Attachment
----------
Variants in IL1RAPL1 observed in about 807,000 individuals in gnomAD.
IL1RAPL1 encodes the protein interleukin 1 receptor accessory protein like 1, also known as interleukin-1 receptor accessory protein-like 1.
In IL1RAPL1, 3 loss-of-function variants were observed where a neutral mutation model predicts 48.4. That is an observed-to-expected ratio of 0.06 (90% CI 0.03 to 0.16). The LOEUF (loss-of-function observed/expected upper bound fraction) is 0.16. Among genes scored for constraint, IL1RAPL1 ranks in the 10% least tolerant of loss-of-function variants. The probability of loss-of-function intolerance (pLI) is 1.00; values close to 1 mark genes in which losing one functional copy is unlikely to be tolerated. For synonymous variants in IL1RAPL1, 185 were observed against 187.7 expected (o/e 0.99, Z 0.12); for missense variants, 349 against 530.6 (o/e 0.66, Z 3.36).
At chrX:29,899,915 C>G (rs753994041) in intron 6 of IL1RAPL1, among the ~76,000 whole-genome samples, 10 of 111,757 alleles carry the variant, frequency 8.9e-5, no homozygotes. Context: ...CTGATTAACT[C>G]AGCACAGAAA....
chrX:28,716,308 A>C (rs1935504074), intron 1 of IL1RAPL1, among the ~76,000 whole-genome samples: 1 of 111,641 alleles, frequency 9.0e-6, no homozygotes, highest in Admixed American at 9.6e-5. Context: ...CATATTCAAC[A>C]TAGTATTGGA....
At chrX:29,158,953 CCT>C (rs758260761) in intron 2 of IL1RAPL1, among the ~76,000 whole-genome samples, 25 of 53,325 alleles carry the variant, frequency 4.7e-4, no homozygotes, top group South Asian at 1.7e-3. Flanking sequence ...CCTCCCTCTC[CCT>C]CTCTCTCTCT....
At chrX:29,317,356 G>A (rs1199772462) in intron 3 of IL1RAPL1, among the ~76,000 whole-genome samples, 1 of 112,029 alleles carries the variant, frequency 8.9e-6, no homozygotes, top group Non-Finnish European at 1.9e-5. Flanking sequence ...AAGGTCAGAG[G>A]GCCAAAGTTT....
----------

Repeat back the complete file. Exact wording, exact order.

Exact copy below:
Variants in IL1RAPL1 observed in about 807,000 individuals in gnomAD.
IL1RAPL1 encodes the protein interleukin 1 receptor accessory protein like 1, also known as interleukin-1 receptor accessory protein-like 1.
In IL1RAPL1, 3 loss-of-function variants were observed where a neutral mutation model predicts 48.4. That is an observed-to-expected ratio of 0.06 (90% CI 0.03 to 0.16). The LOEUF (loss-of-function observed/expected upper bound fraction) is 0.16. Among genes scored for constraint, IL1RAPL1 ranks in the 10% least tolerant of loss-of-function variants. The probability of loss-of-function intolerance (pLI) is 1.00; values close to 1 mark genes in which losing one functional copy is unlikely to be tolerated. For synonymous variants in IL1RAPL1, 185 were observed against 187.7 expected (o/e 0.99, Z 0.12); for missense variants, 349 against 530.6 (o/e 0.66, Z 3.36).
At chrX:29,899,915 C>G (rs753994041) in intron 6 of IL1RAPL1, among the ~76,000 whole-genome samples, 10 of 111,757 alleles carry the variant, frequency 8.9e-5, no homozygotes. Context: ...CTGATTAACT[C>G]AGCACAGAAA....
chrX:28,716,308 A>C (rs1935504074), intron 1 of IL1RAPL1, among the ~76,000 whole-genome samples: 1 of 111,641 alleles, frequency 9.0e-6, no homozygotes, highest in Admixed American at 9.6e-5. Context: ...CATATTCAAC[A>C]TAGTATTGGA....
At chrX:29,158,953 CCT>C (rs758260761) in intron 2 of IL1RAPL1, among the ~76,000 whole-genome samples, 25 of 53,325 alleles carry the variant, frequency 4.7e-4, no homozygotes, top group South Asian at 1.7e-3. Flanking sequence ...CCTCCCTCTC[CCT>C]CTCTCTCTCT....
At chrX:29,317,356 G>A (rs1199772462) in intron 3 of IL1RAPL1, among the ~76,000 whole-genome samples, 1 of 112,029 alleles carries the variant, frequency 8.9e-6, no homozygotes, top group Non-Finnish European at 1.9e-5. Flanking sequence ...AAGGTCAGAG[G>A]GCCAAAGTTT....